Template:User committed identity

Committed identity: {{{1}}} is a SHA-512 commitment to this user's real-life identity.
[edit] Template-info.svg Template documentation

This template gives you a way to later prove that you are the person who was in control of your account on the day this template was placed. This is done by putting a code (called a "hash") on your user page so that, in the event that your account is compromised, you can convince someone else that you are really the person behind your username.


The intended use of this template is to help in the hopefully unlikely event that your account is compromised. If you published your real-life identity, then that identity could be used to reestablish contact with you if your account were compromised; keep in mind, in this scenario contact could not be established with you through your account, since it may be under the control of someone else. However, many Wikipedia users do not disclose their real-life identities, or disclose little enough of them that it may be difficult to establish their identity.

This is not a replacement for having a strong password, nor for registering an email address for your account. You should still do everything you can to prevent your account being compromised, including using a strong password and remembering to log yourself out when using a computer others may have access to. If you have one, it may also be helpful to post your PGP public key. But even with the best of precautions, your account could become compromised, for instance, via a trojan horse or a brute-force attack on your password. This is intended to be a last resort.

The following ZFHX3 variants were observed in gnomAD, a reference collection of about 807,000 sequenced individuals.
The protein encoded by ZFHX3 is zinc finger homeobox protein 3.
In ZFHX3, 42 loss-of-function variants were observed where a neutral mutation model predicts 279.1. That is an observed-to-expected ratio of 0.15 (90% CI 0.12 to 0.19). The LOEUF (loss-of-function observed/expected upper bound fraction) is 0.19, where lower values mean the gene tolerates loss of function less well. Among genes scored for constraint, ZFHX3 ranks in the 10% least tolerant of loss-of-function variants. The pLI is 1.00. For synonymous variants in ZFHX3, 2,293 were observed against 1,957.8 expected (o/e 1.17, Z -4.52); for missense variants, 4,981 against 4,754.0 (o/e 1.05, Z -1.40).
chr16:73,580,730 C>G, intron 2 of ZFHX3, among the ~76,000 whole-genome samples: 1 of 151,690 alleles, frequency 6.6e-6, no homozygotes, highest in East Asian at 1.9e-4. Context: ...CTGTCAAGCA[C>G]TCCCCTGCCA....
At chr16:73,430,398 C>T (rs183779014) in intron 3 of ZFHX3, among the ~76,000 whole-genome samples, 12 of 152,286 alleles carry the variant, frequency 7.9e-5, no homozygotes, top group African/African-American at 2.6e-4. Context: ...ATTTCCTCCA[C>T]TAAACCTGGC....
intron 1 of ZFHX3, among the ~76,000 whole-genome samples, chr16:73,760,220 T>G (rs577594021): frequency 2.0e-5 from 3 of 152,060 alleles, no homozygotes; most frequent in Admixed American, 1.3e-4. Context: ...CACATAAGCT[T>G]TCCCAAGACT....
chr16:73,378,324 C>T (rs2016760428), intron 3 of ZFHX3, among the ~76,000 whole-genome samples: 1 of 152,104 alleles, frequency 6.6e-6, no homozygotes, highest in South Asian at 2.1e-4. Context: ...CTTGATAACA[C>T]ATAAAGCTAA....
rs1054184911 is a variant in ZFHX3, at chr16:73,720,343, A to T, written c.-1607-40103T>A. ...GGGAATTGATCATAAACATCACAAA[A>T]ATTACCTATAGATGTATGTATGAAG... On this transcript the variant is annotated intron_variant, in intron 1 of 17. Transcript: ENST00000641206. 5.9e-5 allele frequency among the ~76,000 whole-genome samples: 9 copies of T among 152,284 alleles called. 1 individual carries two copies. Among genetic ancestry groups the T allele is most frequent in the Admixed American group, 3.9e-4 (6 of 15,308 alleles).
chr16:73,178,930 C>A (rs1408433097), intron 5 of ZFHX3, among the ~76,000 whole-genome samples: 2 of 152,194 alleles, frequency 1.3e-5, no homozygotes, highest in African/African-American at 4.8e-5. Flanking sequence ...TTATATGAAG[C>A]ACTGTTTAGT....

The idea is to use cryptographic hashes; you choose a secret string known only to yourself, put it through a one-way hash function, and publish the result somewhere. As the result is a hash, nobody can easily work backwards from the hash to the secret string; hence, if you give the secret string to someone and they hash it and the hash turns out to be the same as the one published, it is very strong evidence that the person giving the secret string is the same person who originally published the hash. An attacker compromising an account presumably would not know the secret string.


{{User committed identity|hash|hash function used|background=CSS color|border=CSS color|article=grammatical article for the hash function}}

Italicized text should be replaced with appropriate input, or its parameter should be removed. Parameters are represented by 'parameter=value", and separated by vertical bars |.